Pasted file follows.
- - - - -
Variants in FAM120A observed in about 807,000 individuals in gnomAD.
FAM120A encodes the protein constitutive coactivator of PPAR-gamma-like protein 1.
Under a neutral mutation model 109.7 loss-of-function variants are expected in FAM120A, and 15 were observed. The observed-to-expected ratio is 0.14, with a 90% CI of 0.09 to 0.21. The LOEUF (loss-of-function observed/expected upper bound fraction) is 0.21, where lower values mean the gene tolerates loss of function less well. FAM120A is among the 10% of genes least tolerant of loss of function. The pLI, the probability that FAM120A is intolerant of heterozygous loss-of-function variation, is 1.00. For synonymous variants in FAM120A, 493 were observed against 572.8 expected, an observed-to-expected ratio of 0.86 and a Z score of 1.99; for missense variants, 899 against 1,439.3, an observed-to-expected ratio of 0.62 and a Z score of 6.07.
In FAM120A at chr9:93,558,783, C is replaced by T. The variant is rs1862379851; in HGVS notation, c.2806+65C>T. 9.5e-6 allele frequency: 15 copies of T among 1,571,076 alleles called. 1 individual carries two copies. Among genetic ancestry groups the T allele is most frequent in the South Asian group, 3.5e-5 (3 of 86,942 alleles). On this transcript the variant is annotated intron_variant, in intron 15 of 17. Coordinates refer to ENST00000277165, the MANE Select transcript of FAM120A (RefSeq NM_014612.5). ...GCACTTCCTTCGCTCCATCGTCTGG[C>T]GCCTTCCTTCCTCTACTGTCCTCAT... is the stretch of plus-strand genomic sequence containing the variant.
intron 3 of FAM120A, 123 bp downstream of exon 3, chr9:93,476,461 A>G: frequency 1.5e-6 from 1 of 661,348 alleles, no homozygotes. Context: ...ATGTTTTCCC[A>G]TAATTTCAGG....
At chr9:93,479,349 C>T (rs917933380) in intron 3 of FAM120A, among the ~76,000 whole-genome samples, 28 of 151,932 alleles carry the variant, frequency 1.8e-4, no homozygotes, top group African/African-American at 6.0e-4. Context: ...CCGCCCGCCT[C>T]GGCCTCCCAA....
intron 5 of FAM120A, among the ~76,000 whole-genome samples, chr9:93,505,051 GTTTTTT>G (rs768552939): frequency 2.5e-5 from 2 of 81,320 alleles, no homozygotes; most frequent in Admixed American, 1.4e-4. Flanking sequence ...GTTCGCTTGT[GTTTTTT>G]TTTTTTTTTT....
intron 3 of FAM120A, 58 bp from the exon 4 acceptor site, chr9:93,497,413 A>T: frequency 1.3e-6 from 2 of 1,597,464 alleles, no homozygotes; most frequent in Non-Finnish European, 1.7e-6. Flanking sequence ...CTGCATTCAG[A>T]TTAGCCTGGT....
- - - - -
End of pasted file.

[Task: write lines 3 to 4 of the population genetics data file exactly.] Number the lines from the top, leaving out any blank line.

Under a neutral mutation model 109.7 loss-of-function variants are expected in FAM120A, and 15 were observed. The observed-to-expected ratio is 0.14, with a 90% CI of 0.09 to 0.21. The LOEUF (loss-of-function observed/expected upper bound fraction) is 0.21, where lower values mean the gene tolerates loss of function less well. FAM120A is among the 10% of genes least tolerant of loss of function. The pLI, the probability that FAM120A is intolerant of heterozygous loss-of-function variation, is 1.00. For synonymous variants in FAM120A, 493 were observed against 572.8 expected, an observed-to-expected ratio of 0.86 and a Z score of 1.99; for missense variants, 899 against 1,439.3, an observed-to-expected ratio of 0.62 and a Z score of 6.07.
In FAM120A at chr9:93,558,783, C is replaced by T. The variant is rs1862379851; in HGVS notation, c.2806+65C>T. 9.5e-6 allele frequency: 15 copies of T among 1,571,076 alleles called. 1 individual carries two copies. Among genetic ancestry groups the T allele is most frequent in the South Asian group, 3.5e-5 (3 of 86,942 alleles). On this transcript the variant is annotated intron_variant, in intron 15 of 17. Coordinates refer to ENST00000277165, the MANE Select transcript of FAM120A (RefSeq NM_014612.5). ...GCACTTCCTTCGCTCCATCGTCTGG[C>T]GCCTTCCTTCCTCTACTGTCCTCAT... is the stretch of plus-strand genomic sequence containing the variant.